A draft law proposes changes to the Immigration Act 2009, defining “mass arrival” as a group of 10 people or more, and allowing for up to a six month detention period for asylum seekers during processing.
Report – By Mohamed Hassan
New Zealand’s Immigration Amendment Bill designed to lock up asylum seekers has stirred up a strong public backlash and has been challenged in a popular social media video declaring “We’re better than that”.
Kiwi-American journalist Tracey Barnett launched the campaign, saying it appeals to an “ethos of inherent fairness” most New Zealanders have.
She says most New Zealanders are completely unaware of the bill, and this hinders the chance for public debate.
The campaign video includes a list of public figures – including actor Oscar Knightly, singer Dave Dobbyn and comedian Jeremy Elwood – condemning the bill as an inhumane and an unnecessary measure against a non-existent threat.
The video ends with Barnett saying: “We need to talk”.
“I felt if your average Kiwi understood how ill-thought out detention of asylum seekers would be for New Zealand, they would bat it down.”
She believes the political climate surrounding the bill has clouded the underlying issues.
“I think this has little to do with ‘being prepared’ or being a ‘deterrent’ and a lot to do with getting on the same political page as Australia.”
The bill proposes changes to the Immigration Act 2009, defining “mass arrival” as a group of 10 or more, and allowing for up to a six month detention period for asylum seekers during processing.
It also would allow for the suspension of specific asylum claims through regulation.
The bill states the purpose of the amendments is “to enhance New Zealand’s ability to manage effectively and efficiently a mass arrival of irregular and potentially illegal migrants, and to make New Zealand a less attractive destination for people-smugglers.”
A submission by the Human Rights Commission says that while the government has a duty to protect its border, “the bill achieves neither and proposes measures which breach New Zealand’s obligations under the Refugee Convention 1951 and international human rights instruments to which New Zealand is a party”.
In an open letter to ministers, former Immigration Minister and immigration consultant Aussie Malcolm has urged a reconsideration of the bill, saying the government was headed down a “dangerous path”.
The NZ Law Society called the bill “legally flawed” because it ignores obligations set out by international human rights and refugee law.
Dr Rodney Harrison QC says UN reports have outlined the pitfalls of detaining asylum seekers, suggesting it should be avoided at all costs.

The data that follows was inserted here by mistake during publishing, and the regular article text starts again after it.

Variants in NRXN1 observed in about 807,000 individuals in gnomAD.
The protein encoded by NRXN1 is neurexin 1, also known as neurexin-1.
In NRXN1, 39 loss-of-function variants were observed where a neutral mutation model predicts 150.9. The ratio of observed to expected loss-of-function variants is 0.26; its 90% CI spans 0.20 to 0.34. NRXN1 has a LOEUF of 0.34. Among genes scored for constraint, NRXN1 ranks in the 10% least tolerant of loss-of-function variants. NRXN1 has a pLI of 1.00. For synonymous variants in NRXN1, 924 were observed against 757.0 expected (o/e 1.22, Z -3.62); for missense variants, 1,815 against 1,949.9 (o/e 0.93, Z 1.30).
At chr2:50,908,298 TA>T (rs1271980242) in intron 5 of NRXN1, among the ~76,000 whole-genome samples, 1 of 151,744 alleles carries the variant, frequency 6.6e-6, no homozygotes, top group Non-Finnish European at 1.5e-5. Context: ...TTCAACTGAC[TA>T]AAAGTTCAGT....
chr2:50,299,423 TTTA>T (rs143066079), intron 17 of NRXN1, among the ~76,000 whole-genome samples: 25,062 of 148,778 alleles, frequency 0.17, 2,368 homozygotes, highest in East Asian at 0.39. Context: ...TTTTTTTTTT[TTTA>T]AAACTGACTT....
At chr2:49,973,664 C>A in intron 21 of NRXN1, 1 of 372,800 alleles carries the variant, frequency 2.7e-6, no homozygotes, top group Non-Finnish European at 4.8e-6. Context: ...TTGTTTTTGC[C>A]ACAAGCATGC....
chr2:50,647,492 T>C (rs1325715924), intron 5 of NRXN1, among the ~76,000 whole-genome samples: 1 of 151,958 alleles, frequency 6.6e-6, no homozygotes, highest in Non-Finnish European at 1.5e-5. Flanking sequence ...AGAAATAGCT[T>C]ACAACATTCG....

“The main issue is the fact that it provides for mass detention with such a low threshold trigger,” he says.
A submission by Gary Poole, chief executive of the Refugee Council of New Zealand, cited a study in 2003 showing suicide rates in Australian detention centres 41 times higher than the national average for men and 28 times higher for women.
“New Zealand should learn from the recent serious mistakes made by the Australian government around the boat people issue and avoid repeating them. There is plenty to be learnt,” the submission said.
A total of 44 public submissions were received by Parliament, and all but one of which were against its implementation. Despite this, Immigration Minister Nathan Guy said the government was not willing to water it down.
The bill passed its first parliamentary reading in May by 63 votes to 57, and has gone before a select committee.
Last month, the Australian government passed legislation to reopen two detention centres in Nauru and Manus Island in Papua New Guinea, rekindling debate about the treatment of asylum seekers.
The legislation harked back to the “Pacific Solution” of the John Howard government which opened the detention centres.
Last year, the centres were initially closed after hunger strikes and riots brought the issue into public discourse.
However, while Australia received 6765 asylum seekers by boat this year, no refugee boats have ever reached New Zealand shores in modern history.
In 2002, the case of Ahmed Zaoui raised intense public debate about asylum seekers and their treatment in New Zealand.
Zaoui was an Algerian political refugee who was detained upon arrival under suspicion of terrorist activity.
He was held in prison from December 2002 until August 2003 when the Refugee Status Appeals Authority granted him refugee status.
“I think it raised awareness about fear being the first and worst motivator in how we react to people in need,” said Barnett.
Elements of xenophobia
Gary Poole said the Zaoui case was handled badly by politicians and media, and played into elements of xenophobia.
“In the end he was found to be a genuine refugee, is an outstanding NZ citizen, owns his own business, and coaches children in soccer,” he said.
Barnett said: “It’s never pointed out enough
“These same people who are driven, resourceful and motivated enough to flee death in their own countries and actually find a way to get themselves here by plane often provide the kind of social capital this country should welcome.
“They have to start over from nothing. I have huge respect for that climb.”
Mohamed Hassan is a Postgraduate Diploma in Communication Studies student journalist on the Asia-Pacific Journalism course at AUT University.